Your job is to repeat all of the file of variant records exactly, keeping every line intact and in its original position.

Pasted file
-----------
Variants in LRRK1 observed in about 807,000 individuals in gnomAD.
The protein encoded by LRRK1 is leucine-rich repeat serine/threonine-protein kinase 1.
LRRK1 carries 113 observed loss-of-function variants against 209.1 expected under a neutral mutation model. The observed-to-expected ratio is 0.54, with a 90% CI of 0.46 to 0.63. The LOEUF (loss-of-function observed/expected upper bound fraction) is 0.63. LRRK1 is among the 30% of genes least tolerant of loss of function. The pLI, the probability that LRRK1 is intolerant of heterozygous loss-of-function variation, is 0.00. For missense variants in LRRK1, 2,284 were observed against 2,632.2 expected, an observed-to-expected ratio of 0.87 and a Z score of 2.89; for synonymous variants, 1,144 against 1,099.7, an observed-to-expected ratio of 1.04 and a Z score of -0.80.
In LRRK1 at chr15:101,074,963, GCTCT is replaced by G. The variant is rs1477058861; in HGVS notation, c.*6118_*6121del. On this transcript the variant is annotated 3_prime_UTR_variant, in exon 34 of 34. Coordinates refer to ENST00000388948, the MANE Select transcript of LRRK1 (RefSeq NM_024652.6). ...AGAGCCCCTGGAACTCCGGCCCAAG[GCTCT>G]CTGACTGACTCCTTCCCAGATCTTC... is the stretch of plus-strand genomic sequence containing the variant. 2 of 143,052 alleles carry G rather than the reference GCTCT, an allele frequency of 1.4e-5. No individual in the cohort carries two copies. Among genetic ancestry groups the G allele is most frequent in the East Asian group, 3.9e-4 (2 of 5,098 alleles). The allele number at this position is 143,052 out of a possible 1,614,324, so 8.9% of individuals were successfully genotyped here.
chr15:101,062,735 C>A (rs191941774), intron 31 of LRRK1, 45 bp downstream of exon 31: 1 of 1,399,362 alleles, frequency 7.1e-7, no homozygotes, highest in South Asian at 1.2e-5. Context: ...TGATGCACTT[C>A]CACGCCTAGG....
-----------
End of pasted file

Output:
Variants in LRRK1 observed in about 807,000 individuals in gnomAD.
The protein encoded by LRRK1 is leucine-rich repeat serine/threonine-protein kinase 1.
LRRK1 carries 113 observed loss-of-function variants against 209.1 expected under a neutral mutation model. The observed-to-expected ratio is 0.54, with a 90% CI of 0.46 to 0.63. The LOEUF (loss-of-function observed/expected upper bound fraction) is 0.63. LRRK1 is among the 30% of genes least tolerant of loss of function. The pLI, the probability that LRRK1 is intolerant of heterozygous loss-of-function variation, is 0.00. For missense variants in LRRK1, 2,284 were observed against 2,632.2 expected, an observed-to-expected ratio of 0.87 and a Z score of 2.89; for synonymous variants, 1,144 against 1,099.7, an observed-to-expected ratio of 1.04 and a Z score of -0.80.
In LRRK1 at chr15:101,074,963, GCTCT is replaced by G. The variant is rs1477058861; in HGVS notation, c.*6118_*6121del. On this transcript the variant is annotated 3_prime_UTR_variant, in exon 34 of 34. Coordinates refer to ENST00000388948, the MANE Select transcript of LRRK1 (RefSeq NM_024652.6). ...AGAGCCCCTGGAACTCCGGCCCAAG[GCTCT>G]CTGACTGACTCCTTCCCAGATCTTC... is the stretch of plus-strand genomic sequence containing the variant. 2 of 143,052 alleles carry G rather than the reference GCTCT, an allele frequency of 1.4e-5. No individual in the cohort carries two copies. Among genetic ancestry groups the G allele is most frequent in the East Asian group, 3.9e-4 (2 of 5,098 alleles). The allele number at this position is 143,052 out of a possible 1,614,324, so 8.9% of individuals were successfully genotyped here.
chr15:101,062,735 C>A (rs191941774), intron 31 of LRRK1, 45 bp downstream of exon 31: 1 of 1,399,362 alleles, frequency 7.1e-7, no homozygotes, highest in South Asian at 1.2e-5. Context: ...TGATGCACTT[C>A]CACGCCTAGG....